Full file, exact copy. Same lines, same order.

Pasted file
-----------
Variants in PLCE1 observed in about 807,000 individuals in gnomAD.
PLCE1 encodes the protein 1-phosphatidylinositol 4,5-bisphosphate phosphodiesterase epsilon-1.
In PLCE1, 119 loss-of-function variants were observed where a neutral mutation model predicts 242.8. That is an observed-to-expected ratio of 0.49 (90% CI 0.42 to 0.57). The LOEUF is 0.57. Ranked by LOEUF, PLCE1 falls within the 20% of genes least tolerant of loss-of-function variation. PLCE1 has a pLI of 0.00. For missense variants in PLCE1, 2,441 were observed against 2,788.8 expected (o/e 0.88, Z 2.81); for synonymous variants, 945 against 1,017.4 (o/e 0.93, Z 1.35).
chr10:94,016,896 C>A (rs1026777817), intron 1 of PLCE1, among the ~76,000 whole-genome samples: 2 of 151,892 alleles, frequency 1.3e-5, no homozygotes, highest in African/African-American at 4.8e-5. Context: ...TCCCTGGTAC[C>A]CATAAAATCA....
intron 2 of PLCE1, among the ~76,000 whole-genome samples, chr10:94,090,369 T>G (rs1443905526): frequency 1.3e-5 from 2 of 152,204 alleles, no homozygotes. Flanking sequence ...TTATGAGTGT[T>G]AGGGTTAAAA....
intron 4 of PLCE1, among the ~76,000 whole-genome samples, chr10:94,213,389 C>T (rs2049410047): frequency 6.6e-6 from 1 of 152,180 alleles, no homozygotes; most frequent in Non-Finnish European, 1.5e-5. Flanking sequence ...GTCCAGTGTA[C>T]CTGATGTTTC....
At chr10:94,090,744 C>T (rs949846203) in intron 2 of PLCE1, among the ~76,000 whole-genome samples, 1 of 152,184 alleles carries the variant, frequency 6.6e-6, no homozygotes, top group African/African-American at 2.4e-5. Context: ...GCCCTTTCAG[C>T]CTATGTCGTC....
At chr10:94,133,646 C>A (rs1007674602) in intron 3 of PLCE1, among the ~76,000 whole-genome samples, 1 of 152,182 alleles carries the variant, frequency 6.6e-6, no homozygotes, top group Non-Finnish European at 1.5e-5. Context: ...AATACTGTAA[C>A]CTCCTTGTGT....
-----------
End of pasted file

Variants in PLCE1 observed in about 807,000 individuals in gnomAD.
PLCE1 encodes the protein 1-phosphatidylinositol 4,5-bisphosphate phosphodiesterase epsilon-1.
In PLCE1, 119 loss-of-function variants were observed where a neutral mutation model predicts 242.8. That is an observed-to-expected ratio of 0.49 (90% CI 0.42 to 0.57). The LOEUF is 0.57. Ranked by LOEUF, PLCE1 falls within the 20% of genes least tolerant of loss-of-function variation. PLCE1 has a pLI of 0.00. For missense variants in PLCE1, 2,441 were observed against 2,788.8 expected (o/e 0.88, Z 2.81); for synonymous variants, 945 against 1,017.4 (o/e 0.93, Z 1.35).
chr10:94,016,896 C>A (rs1026777817), intron 1 of PLCE1, among the ~76,000 whole-genome samples: 2 of 151,892 alleles, frequency 1.3e-5, no homozygotes, highest in African/African-American at 4.8e-5. Context: ...TCCCTGGTAC[C>A]CATAAAATCA....
intron 2 of PLCE1, among the ~76,000 whole-genome samples, chr10:94,090,369 T>G (rs1443905526): frequency 1.3e-5 from 2 of 152,204 alleles, no homozygotes. Flanking sequence ...TTATGAGTGT[T>G]AGGGTTAAAA....
intron 4 of PLCE1, among the ~76,000 whole-genome samples, chr10:94,213,389 C>T (rs2049410047): frequency 6.6e-6 from 1 of 152,180 alleles, no homozygotes; most frequent in Non-Finnish European, 1.5e-5. Flanking sequence ...GTCCAGTGTA[C>T]CTGATGTTTC....
At chr10:94,090,744 C>T (rs949846203) in intron 2 of PLCE1, among the ~76,000 whole-genome samples, 1 of 152,184 alleles carries the variant, frequency 6.6e-6, no homozygotes, top group African/African-American at 2.4e-5. Context: ...GCCCTTTCAG[C>T]CTATGTCGTC....
At chr10:94,133,646 C>A (rs1007674602) in intron 3 of PLCE1, among the ~76,000 whole-genome samples, 1 of 152,182 alleles carries the variant, frequency 6.6e-6, no homozygotes, top group Non-Finnish European at 1.5e-5. Context: ...AATACTGTAA[C>A]CTCCTTGTGT....